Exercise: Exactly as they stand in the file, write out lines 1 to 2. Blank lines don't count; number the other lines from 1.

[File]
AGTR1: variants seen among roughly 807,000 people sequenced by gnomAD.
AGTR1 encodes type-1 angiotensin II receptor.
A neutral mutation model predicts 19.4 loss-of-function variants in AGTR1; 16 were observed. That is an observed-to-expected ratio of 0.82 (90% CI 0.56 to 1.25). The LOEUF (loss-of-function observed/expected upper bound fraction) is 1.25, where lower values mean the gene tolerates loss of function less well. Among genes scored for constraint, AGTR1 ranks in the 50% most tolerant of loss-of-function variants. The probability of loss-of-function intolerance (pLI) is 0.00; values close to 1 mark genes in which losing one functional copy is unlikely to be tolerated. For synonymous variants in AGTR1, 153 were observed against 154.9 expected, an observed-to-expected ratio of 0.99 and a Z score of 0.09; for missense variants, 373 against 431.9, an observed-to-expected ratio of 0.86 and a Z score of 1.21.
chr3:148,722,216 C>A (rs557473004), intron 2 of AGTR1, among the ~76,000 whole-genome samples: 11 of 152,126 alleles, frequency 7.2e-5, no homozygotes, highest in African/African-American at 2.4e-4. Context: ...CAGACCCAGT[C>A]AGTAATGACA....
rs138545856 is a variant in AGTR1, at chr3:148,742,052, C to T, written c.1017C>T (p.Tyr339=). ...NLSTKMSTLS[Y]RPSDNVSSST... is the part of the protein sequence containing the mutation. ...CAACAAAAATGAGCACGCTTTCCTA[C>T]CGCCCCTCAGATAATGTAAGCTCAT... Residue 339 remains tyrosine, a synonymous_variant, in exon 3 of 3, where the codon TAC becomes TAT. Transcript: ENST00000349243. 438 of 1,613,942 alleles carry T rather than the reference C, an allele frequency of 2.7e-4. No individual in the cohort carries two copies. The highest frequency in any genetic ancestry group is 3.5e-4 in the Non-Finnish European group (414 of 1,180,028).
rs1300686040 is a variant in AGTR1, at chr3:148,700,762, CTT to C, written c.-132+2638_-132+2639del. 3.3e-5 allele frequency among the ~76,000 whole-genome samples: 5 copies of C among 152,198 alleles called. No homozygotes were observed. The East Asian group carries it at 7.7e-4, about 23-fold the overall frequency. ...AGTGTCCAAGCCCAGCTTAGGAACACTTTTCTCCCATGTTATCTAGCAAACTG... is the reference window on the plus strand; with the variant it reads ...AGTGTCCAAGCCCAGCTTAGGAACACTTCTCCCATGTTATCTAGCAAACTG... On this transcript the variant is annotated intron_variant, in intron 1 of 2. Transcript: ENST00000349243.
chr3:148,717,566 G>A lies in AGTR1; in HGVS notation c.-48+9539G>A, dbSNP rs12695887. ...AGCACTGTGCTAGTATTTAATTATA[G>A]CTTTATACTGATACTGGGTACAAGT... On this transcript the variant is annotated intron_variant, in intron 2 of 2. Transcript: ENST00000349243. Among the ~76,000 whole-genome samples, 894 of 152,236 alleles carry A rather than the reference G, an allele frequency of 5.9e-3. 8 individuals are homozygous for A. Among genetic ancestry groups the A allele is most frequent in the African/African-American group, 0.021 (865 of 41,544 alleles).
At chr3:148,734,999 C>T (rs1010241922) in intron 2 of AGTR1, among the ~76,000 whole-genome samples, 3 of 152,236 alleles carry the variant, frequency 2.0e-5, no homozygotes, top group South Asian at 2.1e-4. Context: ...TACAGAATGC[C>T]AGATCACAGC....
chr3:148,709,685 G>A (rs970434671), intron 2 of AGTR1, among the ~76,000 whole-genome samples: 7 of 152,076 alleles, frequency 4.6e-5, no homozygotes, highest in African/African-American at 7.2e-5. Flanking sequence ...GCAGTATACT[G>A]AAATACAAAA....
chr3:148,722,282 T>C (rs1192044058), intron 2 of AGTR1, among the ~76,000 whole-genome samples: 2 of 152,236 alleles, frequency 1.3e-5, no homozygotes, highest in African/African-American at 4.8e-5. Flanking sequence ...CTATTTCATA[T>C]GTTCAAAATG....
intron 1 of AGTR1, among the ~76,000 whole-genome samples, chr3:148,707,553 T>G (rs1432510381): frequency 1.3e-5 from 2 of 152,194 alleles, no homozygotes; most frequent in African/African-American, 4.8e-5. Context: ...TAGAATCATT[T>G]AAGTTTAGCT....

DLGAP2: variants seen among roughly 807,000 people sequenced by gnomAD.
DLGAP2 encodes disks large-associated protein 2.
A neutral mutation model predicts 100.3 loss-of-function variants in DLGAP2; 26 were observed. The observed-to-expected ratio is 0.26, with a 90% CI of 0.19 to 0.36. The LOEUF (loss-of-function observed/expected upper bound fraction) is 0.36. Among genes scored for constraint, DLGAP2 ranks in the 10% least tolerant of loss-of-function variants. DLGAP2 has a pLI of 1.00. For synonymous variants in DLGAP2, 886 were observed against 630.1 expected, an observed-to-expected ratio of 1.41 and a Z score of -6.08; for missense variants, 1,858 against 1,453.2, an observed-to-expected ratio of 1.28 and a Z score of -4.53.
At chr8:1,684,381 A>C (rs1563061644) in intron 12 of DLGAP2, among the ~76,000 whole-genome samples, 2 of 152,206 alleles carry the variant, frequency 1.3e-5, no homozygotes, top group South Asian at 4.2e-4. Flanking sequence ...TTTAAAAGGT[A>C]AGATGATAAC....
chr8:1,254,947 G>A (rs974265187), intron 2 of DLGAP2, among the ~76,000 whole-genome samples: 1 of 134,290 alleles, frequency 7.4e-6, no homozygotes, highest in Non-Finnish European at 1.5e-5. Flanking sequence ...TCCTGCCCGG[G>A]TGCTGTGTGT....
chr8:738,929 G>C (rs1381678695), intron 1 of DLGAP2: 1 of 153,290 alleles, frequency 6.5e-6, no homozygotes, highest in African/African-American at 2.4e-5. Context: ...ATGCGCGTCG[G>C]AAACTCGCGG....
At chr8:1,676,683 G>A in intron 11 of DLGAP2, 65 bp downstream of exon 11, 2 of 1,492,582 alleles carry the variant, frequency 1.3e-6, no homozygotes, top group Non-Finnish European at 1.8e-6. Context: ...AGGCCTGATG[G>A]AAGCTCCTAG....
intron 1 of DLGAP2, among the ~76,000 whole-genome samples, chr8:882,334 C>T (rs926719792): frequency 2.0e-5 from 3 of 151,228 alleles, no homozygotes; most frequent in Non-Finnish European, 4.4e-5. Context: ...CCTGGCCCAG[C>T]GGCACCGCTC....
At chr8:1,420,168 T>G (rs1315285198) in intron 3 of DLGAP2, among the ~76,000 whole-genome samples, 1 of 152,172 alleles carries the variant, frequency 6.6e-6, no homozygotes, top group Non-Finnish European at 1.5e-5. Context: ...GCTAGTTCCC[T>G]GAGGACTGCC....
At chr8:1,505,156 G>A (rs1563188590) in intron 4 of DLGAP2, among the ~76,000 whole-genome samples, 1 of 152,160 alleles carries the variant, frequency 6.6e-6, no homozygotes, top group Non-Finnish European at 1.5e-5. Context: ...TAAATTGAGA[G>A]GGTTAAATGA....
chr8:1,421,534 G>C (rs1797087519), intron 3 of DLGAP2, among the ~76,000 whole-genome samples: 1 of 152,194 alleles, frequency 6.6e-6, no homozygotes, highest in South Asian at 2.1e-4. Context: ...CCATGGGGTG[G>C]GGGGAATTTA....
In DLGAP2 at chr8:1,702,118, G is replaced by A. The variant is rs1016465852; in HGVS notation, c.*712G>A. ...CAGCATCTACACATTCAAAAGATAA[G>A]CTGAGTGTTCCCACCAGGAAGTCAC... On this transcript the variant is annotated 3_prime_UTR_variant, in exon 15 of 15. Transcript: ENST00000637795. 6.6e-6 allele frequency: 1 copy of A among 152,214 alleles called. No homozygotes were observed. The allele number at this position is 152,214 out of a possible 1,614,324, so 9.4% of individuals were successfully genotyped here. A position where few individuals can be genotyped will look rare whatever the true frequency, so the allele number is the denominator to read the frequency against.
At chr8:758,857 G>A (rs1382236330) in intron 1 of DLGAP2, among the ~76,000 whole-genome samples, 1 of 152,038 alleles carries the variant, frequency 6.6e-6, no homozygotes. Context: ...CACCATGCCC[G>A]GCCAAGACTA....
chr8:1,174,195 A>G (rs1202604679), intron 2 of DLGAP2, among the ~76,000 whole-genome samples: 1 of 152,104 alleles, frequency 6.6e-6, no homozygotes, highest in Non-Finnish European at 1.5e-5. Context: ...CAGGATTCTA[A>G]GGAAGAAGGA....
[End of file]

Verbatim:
AGTR1: variants seen among roughly 807,000 people sequenced by gnomAD.
AGTR1 encodes type-1 angiotensin II receptor.